Last year we lost one of our fur babies in February. It was very hard on our family. My husband and I adopted Wylie, a kindhearted Shih Tzu, during our second year of marriage and he was dearly loved by both our children. We then endured what seemed like endless attempts at trying to keep guinea pigs alive after losing my daughter's beloved Abby, whom we adopted from a close friend. Soon after, we discovered our last living dog, Murphy, had what we prayed was a simple lump on his chest and not cancer.
While we love our animals, our family was devastated by the dual losses of my brother-in-law and uncle to cancer in the same year. I was hearing from my children, "No one, and nothing else can die in our family, Mommy. Please." I echoed their thoughts in prayer to God regularly as we currently walk beside my husband's sister, a now recent widow, who is fighting beyond medical predictions with stage four cancer.
So what does a counselor, home with a sick kid, one day last fall decide to investigate? Adopting another dog - because how could adding a lovable pet, who met my narrow criteria of age, breed and size, that was in high demand, do anything but enrich our lives?
Much to my husband's dismay and counsel against (which one day I will learn to heed better), I brought an adorable rescued Maltese male home from a rescue agency. I wish our story had a happy ending from here. But alas, this dog seemed, within the first month, not only skittish as I had expected, but he seemed impossible to crate train with a doggy door. I had forgotten that a new dog was as much work as a baby. What I have now discovered is that a dog with bad habits takes extensive time to train. I also later learned that this dog had been returned to the rescue after adoption once before. But I am NOT a "quitter!" So even though most people spending time in our home, watching our carpets being destroyed, and listening to endless barking, kept asking, "Have you considered this may not be the right dog for your family," I was determined to persevere.
My husband begged me to intervene, but my response was always the question, "How do we do this to our daughter who has experienced so much loss?" After spending the summer away at several conferences, I returned with additional demands and began to feel the intense pressure and anxiety that an untrained, though at times loving, pet could evoke in a household. So this past month I prayed over this situation, and we began to really hand over more and more of the dog watching and training responsibilities to our nine year-old. Last week she came to me, sad, but I could tell that her heart had been changed. "Mom, this dog just isn't like Wylie and Murphy. I don't think I can train him and he's beginning to bark and run away from me too. Even though I may cry the first couple of days, I think it's best for him and us that we find him another family."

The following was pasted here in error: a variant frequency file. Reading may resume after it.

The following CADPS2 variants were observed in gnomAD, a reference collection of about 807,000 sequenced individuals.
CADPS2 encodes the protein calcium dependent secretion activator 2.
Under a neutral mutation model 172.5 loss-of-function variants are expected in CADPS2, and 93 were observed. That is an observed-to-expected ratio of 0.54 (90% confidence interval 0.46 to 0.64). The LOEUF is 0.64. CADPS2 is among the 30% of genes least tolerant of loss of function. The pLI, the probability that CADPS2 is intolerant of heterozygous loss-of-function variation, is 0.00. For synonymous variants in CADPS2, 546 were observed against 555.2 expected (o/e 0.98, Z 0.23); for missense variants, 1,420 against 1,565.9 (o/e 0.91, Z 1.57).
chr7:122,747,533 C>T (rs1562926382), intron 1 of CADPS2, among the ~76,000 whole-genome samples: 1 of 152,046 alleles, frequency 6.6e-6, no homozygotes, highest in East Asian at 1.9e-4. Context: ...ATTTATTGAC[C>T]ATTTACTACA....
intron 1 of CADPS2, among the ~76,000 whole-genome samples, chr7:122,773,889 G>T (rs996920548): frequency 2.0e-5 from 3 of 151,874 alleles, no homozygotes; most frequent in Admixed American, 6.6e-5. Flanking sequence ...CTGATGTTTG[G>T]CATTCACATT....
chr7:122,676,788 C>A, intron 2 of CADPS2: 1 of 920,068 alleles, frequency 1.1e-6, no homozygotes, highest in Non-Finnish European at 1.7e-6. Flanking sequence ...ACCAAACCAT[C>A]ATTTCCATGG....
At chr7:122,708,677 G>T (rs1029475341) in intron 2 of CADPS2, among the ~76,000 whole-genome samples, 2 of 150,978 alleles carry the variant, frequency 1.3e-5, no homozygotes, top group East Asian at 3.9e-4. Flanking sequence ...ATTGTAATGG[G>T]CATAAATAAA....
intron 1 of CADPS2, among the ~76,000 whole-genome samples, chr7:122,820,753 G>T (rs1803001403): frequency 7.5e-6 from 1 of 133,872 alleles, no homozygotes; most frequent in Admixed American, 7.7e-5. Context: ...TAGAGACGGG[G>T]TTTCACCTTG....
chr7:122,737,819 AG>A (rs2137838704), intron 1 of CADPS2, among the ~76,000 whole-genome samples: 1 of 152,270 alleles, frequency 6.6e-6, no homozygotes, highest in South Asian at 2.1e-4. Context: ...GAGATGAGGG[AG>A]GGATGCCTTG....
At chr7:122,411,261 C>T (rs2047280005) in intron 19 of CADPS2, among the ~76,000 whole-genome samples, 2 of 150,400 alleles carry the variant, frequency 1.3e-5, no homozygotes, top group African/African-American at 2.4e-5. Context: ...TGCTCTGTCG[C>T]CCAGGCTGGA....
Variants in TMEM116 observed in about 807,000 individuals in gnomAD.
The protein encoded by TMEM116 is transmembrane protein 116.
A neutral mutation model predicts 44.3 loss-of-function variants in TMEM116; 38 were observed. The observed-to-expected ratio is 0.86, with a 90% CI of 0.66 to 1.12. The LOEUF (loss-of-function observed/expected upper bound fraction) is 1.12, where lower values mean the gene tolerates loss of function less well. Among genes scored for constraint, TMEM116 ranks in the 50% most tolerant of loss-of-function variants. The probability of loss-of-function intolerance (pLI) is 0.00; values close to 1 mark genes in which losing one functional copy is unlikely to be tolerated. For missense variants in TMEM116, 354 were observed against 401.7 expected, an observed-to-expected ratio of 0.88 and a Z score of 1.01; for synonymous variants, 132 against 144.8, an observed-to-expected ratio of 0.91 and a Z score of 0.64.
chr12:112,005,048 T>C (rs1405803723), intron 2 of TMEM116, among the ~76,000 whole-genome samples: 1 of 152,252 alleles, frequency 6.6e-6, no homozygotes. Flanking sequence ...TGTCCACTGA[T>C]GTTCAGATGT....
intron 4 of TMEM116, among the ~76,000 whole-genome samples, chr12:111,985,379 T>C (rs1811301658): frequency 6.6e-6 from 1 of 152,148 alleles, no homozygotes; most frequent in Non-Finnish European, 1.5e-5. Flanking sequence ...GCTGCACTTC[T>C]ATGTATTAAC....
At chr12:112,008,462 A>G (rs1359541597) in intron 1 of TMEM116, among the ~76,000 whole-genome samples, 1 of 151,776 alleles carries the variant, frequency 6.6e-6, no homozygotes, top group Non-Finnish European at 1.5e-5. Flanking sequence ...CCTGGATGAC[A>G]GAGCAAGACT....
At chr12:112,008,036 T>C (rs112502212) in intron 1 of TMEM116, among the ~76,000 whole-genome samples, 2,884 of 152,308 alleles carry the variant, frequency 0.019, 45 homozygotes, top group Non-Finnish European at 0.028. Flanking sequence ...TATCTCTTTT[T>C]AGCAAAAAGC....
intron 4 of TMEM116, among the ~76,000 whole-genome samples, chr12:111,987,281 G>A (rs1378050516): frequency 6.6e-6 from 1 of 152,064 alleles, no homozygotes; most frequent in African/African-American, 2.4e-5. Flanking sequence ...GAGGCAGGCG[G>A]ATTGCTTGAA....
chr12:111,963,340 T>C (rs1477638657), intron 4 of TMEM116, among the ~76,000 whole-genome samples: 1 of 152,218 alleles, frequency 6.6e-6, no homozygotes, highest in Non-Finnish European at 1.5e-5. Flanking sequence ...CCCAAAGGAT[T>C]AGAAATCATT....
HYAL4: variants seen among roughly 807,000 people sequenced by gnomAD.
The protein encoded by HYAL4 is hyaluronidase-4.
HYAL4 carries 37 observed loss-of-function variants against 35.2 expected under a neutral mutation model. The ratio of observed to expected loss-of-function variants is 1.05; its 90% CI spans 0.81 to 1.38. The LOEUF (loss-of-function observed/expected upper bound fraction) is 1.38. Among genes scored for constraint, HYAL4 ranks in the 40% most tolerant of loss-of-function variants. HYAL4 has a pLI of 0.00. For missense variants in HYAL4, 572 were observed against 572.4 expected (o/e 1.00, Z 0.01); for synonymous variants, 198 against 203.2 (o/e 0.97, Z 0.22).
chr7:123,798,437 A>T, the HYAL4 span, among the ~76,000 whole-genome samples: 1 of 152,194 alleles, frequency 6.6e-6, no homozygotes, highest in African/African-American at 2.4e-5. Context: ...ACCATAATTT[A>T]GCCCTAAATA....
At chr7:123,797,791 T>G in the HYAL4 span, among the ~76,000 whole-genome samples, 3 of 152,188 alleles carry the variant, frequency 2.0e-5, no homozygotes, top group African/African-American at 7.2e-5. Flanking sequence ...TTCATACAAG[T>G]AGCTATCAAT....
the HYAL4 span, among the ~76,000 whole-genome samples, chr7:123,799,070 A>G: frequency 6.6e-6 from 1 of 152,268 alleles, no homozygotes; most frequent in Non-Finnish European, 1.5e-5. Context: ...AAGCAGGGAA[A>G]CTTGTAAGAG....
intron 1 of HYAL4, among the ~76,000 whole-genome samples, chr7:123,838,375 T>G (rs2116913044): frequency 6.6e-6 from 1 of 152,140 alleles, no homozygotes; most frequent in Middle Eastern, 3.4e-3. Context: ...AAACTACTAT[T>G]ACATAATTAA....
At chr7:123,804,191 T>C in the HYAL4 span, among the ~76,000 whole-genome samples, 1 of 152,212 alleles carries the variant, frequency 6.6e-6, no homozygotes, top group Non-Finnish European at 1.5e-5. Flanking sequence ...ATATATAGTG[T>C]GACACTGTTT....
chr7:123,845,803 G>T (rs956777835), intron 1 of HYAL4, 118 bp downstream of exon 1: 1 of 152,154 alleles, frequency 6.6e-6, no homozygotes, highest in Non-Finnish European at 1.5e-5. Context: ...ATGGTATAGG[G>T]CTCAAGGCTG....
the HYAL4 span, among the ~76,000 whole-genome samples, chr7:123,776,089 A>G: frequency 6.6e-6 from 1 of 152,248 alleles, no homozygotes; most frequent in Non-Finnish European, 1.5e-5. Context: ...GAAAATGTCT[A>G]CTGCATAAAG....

While I hated to admit defeat, I knew this dog needed a fresh start and an individual or couple who could devout extensive time and focus on his training. Our family is just not in that stage of life right now with working parents and two children with active extracurricular commitments. Last weekend I did what, to me before, would have been considered the unthinkable. I returned an adorable dog, that I had always dreamed about one day owning, to the same rescue agency from where I adopted him almost an entire year before. Please understand that I am in in no way advocating for irresponsible pet ownership, or in any way endorsing this personal decision for any other family.
I have to admit this past week our family has experienced freedom. We all feel it and have remarked on the difference. Our remaining dog, who has been in our family for over a decade, has returned to his rightful place of attention and affection. I have a freedom of daily focus and energy I didn't even know had disappeared. My daughter, who has been in the midst of a busy theater week, has not cried once. I have been able to serve others in ways that having a dog in a crate had previously prevented these past months. Almost a week later, I can say with confidence this was the right decision for our family and for that dog.
It is hard to admit when you've made a mistake, and even more challenging to correct it, especially when you fear you will be judged, but sometimes we are called to do just that - no matter the cost.
Sometimes we as humans have to make hard decisions and face the embarrassment of not only being wrong, but also not being what the world defines as "good, right or enough."